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Standard Two: Content Area and Pedagogical Knowledge The competent teacher has in-depth understanding of content area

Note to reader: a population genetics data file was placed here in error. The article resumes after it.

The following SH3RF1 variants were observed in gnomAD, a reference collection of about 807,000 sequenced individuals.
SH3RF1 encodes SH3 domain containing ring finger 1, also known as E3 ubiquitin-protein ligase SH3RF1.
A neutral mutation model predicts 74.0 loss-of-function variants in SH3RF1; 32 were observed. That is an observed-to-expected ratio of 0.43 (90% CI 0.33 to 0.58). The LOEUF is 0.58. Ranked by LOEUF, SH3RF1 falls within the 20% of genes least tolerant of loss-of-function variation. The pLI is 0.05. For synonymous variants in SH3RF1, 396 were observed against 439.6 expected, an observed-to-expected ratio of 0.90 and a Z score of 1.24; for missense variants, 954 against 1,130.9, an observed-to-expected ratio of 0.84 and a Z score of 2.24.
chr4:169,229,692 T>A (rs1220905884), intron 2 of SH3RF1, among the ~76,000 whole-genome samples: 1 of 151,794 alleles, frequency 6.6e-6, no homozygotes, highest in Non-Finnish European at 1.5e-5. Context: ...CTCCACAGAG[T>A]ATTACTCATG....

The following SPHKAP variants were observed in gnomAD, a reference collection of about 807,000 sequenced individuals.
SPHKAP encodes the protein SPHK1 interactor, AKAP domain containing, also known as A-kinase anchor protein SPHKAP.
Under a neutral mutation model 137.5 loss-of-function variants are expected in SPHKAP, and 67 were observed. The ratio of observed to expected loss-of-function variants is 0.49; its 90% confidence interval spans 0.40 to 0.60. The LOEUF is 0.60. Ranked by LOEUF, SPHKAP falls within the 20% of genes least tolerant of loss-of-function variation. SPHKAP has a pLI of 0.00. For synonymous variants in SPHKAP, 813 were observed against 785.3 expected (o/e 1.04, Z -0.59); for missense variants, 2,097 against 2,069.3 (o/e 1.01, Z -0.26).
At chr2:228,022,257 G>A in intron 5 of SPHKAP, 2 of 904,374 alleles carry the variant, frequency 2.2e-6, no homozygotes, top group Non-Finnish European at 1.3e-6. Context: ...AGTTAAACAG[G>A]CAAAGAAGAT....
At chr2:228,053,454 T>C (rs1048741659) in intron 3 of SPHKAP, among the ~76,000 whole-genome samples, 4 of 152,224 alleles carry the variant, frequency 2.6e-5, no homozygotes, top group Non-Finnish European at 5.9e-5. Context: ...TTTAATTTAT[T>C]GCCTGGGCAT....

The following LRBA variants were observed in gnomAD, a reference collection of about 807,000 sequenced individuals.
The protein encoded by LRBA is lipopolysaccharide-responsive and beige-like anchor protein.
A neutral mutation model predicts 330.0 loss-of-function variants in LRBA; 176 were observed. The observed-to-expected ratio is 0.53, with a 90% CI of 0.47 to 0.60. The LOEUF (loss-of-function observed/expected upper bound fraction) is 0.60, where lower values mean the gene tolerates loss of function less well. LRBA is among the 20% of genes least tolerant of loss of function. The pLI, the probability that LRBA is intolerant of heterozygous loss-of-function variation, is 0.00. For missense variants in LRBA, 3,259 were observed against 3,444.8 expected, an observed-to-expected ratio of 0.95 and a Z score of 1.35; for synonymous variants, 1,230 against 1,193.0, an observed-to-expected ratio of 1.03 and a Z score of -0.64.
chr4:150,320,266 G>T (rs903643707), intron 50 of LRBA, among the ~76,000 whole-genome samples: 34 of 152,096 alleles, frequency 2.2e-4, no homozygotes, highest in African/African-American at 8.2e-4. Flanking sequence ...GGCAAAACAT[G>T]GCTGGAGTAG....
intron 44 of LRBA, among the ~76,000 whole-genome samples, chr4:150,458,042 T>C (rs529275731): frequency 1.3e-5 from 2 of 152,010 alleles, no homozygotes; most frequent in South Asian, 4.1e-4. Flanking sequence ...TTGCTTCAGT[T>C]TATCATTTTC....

knowledge that includes central concepts, methods of inquiry, structures of the disciplines, and content area literacy. The teacher creates meaningful learning experiences for each student based upon interactions among content area and pedagogical knowledge, and evidence-based practice. This artifact was chosen to address standard two because it covers the content area, various methods of inquiry, and creates a meaningful learning experience for each student. The artifact is an appropriate representation of the standard because it was a lesson I had implemented in a middle school classroom but then later modified for an assignment for a special education class. The special education assignment required that we modify an existing lesson that we had implemented to fit the needs of a hypothetical student. The student I chose had trouble comprehending and decoding text as he read it; he was several reading levels behind. He got easily frustrated when he did not understand what he could not follow along in class. However, he had great auditory comprehension, so text that was read aloud to him and class discussions he was able to comprehend well. He also excelled in creative arts and was a recognized artist in his school and community. In keeping these characteristics in mind, I modified the existing lesson plan to best suit his particular needs. The changes I made are all in italics and red in the artifact. In addition, I modified all of the worksheets and texts to be read in class so that this student would be able to participate fully in class. This lesson still allowed this particular student to be fully functioning in class and still gain all aspects of the content that I wanted to get across to the other students. Additionally, I created multiple assessments so that all the students had an option to display their knowledge in a way that used their strengths. Modifying this lesson really helped me to develop as a teacher. When I first made this lesson, I thought it was really good and it went over really well in my middle school classroom. However, when I returned to it to complete the assignment for the special education class, and using all the knowledge I had gained through this class, I found many things that I could change to make this lesson more accommodating for all students. Many of the things I changed were very small but without this specific class or assignment, I would not have even thought about them being restricting for some students. From this class and assignment, I feel I have a much deeper understanding of the various challenges that students with disabilities can face and I now have more tools and knowledge to help me accommodate those students. I have had my eyes opened to small ways in which my lessons can be adapted for various types of learners and I am now more well prepared to make those changes from the beginning without having to go back and modify every piece of a lesson.